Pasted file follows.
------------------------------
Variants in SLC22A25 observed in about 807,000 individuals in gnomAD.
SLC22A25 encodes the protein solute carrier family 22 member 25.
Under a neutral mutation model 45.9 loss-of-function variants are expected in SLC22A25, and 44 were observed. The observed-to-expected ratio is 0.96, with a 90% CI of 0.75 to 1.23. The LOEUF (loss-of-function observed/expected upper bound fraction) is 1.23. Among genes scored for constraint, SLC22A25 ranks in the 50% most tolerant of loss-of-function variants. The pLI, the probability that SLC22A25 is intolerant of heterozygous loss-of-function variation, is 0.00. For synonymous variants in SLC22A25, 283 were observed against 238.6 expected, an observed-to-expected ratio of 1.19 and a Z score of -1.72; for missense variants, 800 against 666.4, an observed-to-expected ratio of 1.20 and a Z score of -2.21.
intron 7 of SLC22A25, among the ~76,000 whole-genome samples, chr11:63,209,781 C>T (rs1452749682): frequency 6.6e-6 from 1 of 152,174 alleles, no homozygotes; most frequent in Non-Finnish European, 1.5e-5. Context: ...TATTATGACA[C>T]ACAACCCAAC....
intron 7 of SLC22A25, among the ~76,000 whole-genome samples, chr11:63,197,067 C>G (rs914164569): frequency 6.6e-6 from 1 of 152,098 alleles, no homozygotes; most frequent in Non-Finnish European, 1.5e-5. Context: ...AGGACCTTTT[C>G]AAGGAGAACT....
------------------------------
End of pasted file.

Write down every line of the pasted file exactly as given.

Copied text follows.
Variants in SLC22A25 observed in about 807,000 individuals in gnomAD.
SLC22A25 encodes the protein solute carrier family 22 member 25.
Under a neutral mutation model 45.9 loss-of-function variants are expected in SLC22A25, and 44 were observed. The observed-to-expected ratio is 0.96, with a 90% CI of 0.75 to 1.23. The LOEUF (loss-of-function observed/expected upper bound fraction) is 1.23. Among genes scored for constraint, SLC22A25 ranks in the 50% most tolerant of loss-of-function variants. The pLI, the probability that SLC22A25 is intolerant of heterozygous loss-of-function variation, is 0.00. For synonymous variants in SLC22A25, 283 were observed against 238.6 expected, an observed-to-expected ratio of 1.19 and a Z score of -1.72; for missense variants, 800 against 666.4, an observed-to-expected ratio of 1.20 and a Z score of -2.21.
intron 7 of SLC22A25, among the ~76,000 whole-genome samples, chr11:63,209,781 C>T (rs1452749682): frequency 6.6e-6 from 1 of 152,174 alleles, no homozygotes; most frequent in Non-Finnish European, 1.5e-5. Context: ...TATTATGACA[C>T]ACAACCCAAC....
intron 7 of SLC22A25, among the ~76,000 whole-genome samples, chr11:63,197,067 C>G (rs914164569): frequency 6.6e-6 from 1 of 152,098 alleles, no homozygotes; most frequent in Non-Finnish European, 1.5e-5. Context: ...AGGACCTTTT[C>G]AAGGAGAACT....